February 13, 2012 — The Canadian Broadcasting Corporation (CBC) News Network's "Fatal Deception" documents the concealment of the Canadian asbestos industry's knowledge of the dangers of asbestos and the involvement of prestigious McGill University. The video highlights how Ivan Sabourin—President of Canada's Conservative Party and lead attorney for the asbestos consortium—hid diseased lungs of deceased asbestos workers in the 1950s and the sponsorship by the asbestos industry of scientific studies to downplay the dangerous effects of asbestos mining and use. The asbestos industry actively suppressed and altered research beginning with the hiring of the Saranac Laboratory in upstate New York. According to "Fatal Deception," this altering of research continues today with the sponsorship of McGill University scientists. Corporate documents from the 1920s indicated the asbestos industry wanted to take out a "mortgage on McGill" to ensure research outcomes were favorable to the asbestos industry. The video also draws parallels between the tobacco industry's tactics and asbestos industry tactics to defraud consumers, including the sponsorship of the same scientists by both the asbestos and tobacco industries. The asbestos industry wanted to conduct research similar to the tobacco industry because "[i]ndustry is always well advised to look after its own problems."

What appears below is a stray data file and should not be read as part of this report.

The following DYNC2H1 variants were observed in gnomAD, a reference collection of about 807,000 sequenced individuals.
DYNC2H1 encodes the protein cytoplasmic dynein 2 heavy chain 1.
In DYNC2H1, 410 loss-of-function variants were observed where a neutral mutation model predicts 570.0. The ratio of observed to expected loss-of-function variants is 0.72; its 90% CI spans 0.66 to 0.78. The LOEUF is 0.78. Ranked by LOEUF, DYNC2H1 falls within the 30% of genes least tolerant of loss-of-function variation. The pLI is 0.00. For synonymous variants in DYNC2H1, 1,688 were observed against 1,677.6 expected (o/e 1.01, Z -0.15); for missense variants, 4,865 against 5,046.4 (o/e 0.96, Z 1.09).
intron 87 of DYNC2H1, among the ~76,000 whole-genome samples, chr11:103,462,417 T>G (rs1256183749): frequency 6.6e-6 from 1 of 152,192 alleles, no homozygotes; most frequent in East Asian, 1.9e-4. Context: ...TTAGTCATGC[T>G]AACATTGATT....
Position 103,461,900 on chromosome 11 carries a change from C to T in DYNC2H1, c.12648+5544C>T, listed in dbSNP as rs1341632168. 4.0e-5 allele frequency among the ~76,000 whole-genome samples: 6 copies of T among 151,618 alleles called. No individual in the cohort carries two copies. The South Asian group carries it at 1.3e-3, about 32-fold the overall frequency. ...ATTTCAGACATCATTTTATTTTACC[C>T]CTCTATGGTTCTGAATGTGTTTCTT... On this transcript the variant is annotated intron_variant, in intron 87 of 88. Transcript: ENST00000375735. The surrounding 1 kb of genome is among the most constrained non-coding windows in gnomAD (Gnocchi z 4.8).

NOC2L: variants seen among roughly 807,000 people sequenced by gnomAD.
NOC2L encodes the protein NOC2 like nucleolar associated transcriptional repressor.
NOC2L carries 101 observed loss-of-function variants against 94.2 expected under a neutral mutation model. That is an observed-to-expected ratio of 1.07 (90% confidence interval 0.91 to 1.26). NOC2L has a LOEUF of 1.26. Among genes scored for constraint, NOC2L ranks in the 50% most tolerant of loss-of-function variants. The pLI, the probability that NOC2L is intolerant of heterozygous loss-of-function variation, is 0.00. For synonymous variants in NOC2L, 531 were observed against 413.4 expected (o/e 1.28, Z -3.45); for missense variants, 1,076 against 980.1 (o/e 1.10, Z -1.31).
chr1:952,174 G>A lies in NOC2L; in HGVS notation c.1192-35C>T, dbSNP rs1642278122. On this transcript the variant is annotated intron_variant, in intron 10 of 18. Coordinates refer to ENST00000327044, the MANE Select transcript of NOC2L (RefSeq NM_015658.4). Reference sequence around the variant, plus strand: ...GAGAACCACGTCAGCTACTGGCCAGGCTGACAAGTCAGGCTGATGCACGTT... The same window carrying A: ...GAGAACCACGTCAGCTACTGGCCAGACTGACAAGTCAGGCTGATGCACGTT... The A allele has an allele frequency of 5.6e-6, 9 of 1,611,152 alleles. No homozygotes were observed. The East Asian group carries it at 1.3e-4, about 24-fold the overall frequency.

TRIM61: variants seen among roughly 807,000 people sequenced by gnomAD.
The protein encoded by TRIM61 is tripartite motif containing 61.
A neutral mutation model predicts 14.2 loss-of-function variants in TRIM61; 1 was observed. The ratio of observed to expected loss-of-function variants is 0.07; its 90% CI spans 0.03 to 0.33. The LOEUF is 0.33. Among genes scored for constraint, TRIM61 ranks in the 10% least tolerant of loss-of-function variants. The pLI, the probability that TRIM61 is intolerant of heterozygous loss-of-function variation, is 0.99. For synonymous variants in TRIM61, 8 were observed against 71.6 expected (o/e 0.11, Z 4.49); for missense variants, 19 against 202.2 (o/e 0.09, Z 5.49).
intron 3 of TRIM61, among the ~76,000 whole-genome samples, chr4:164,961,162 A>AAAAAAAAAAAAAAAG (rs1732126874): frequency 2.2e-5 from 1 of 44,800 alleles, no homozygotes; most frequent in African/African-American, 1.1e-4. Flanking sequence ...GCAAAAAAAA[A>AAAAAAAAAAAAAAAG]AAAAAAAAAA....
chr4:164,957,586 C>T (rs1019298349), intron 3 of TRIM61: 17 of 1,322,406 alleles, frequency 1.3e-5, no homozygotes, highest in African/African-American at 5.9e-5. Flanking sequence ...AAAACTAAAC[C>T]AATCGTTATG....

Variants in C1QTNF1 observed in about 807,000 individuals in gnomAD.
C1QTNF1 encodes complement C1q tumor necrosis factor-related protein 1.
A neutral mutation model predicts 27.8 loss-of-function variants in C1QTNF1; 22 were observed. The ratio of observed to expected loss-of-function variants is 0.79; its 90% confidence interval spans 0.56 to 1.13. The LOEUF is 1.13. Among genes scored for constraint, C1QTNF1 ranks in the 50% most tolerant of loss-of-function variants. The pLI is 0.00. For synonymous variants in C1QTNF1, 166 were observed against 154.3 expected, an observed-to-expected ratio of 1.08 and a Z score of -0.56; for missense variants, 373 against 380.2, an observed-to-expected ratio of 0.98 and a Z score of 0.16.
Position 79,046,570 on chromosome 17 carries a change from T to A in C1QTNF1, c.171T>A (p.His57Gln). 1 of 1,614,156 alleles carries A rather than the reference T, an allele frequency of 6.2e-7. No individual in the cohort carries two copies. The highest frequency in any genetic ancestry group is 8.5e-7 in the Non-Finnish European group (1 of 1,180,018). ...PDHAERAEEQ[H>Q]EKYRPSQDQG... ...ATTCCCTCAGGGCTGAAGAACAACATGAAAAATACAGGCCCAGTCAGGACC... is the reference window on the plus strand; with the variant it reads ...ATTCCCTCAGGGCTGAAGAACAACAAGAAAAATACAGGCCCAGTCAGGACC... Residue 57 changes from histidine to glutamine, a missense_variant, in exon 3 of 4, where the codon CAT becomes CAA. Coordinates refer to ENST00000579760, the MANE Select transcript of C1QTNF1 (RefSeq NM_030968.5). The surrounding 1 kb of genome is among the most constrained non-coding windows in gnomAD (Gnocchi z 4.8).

Despite the proof of asbestos as a human carcinogen, the Canadian government is considering reopening the Jeffrey Mine in Quebec due to economic circumstances. "Fatal Deception" features Dr. Bruce Case, a McGill scientist involved in a recently released study on asbestos safety, refusing to release details of the study, which suggests the chrysotile fibers mined in Quebec do not cause mesothelioma and helps the Canadian government with its plan to allow the sale of asbestos to developing countries. Dr. Case has also testified on behalf of asbestos industry defendants. "Fatal Deception" demonstrates the terrible effects of working with asbestos through a family with at least three mesothelioma diagnoses. This is juxtaposed with the potential disastrous effects of sending the "miracle fiber" to developing countries where workers have neither access to, nor knowledge of, proper safety conditions, just like the 1950s when Ivan Sabourin hid the effects from asbestos workers' families and the public. To watch the whole report, click here.